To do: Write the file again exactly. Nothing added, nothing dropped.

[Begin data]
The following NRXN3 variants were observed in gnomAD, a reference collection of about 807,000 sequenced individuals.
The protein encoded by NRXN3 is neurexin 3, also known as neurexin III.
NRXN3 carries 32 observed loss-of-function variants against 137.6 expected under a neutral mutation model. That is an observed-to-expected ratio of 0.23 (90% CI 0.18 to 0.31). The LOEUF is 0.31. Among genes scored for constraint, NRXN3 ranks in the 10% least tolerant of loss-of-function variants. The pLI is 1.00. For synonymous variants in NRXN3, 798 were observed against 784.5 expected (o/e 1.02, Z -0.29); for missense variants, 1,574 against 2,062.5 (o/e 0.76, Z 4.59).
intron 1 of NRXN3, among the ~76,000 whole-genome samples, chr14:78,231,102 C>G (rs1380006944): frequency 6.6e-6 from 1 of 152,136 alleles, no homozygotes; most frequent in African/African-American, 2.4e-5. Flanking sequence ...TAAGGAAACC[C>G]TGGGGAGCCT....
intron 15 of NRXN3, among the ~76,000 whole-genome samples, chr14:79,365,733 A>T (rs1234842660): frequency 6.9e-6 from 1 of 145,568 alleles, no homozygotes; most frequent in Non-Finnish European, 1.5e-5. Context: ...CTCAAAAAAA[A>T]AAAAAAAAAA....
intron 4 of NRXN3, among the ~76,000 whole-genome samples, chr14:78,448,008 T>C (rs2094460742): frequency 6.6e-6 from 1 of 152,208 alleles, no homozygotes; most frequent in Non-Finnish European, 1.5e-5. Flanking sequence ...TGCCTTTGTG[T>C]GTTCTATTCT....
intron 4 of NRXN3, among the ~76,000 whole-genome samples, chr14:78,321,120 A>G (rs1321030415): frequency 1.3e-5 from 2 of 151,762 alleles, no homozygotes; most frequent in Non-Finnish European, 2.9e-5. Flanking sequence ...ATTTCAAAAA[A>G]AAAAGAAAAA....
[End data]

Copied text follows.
The following NRXN3 variants were observed in gnomAD, a reference collection of about 807,000 sequenced individuals.
The protein encoded by NRXN3 is neurexin 3, also known as neurexin III.
NRXN3 carries 32 observed loss-of-function variants against 137.6 expected under a neutral mutation model. That is an observed-to-expected ratio of 0.23 (90% CI 0.18 to 0.31). The LOEUF is 0.31. Among genes scored for constraint, NRXN3 ranks in the 10% least tolerant of loss-of-function variants. The pLI is 1.00. For synonymous variants in NRXN3, 798 were observed against 784.5 expected (o/e 1.02, Z -0.29); for missense variants, 1,574 against 2,062.5 (o/e 0.76, Z 4.59).
intron 1 of NRXN3, among the ~76,000 whole-genome samples, chr14:78,231,102 C>G (rs1380006944): frequency 6.6e-6 from 1 of 152,136 alleles, no homozygotes; most frequent in African/African-American, 2.4e-5. Flanking sequence ...TAAGGAAACC[C>G]TGGGGAGCCT....
intron 15 of NRXN3, among the ~76,000 whole-genome samples, chr14:79,365,733 A>T (rs1234842660): frequency 6.9e-6 from 1 of 145,568 alleles, no homozygotes; most frequent in Non-Finnish European, 1.5e-5. Context: ...CTCAAAAAAA[A>T]AAAAAAAAAA....
intron 4 of NRXN3, among the ~76,000 whole-genome samples, chr14:78,448,008 T>C (rs2094460742): frequency 6.6e-6 from 1 of 152,208 alleles, no homozygotes; most frequent in Non-Finnish European, 1.5e-5. Flanking sequence ...TGCCTTTGTG[T>C]GTTCTATTCT....
intron 4 of NRXN3, among the ~76,000 whole-genome samples, chr14:78,321,120 A>G (rs1321030415): frequency 1.3e-5 from 2 of 151,762 alleles, no homozygotes; most frequent in Non-Finnish European, 2.9e-5. Flanking sequence ...ATTTCAAAAA[A>G]AAAAGAAAAA....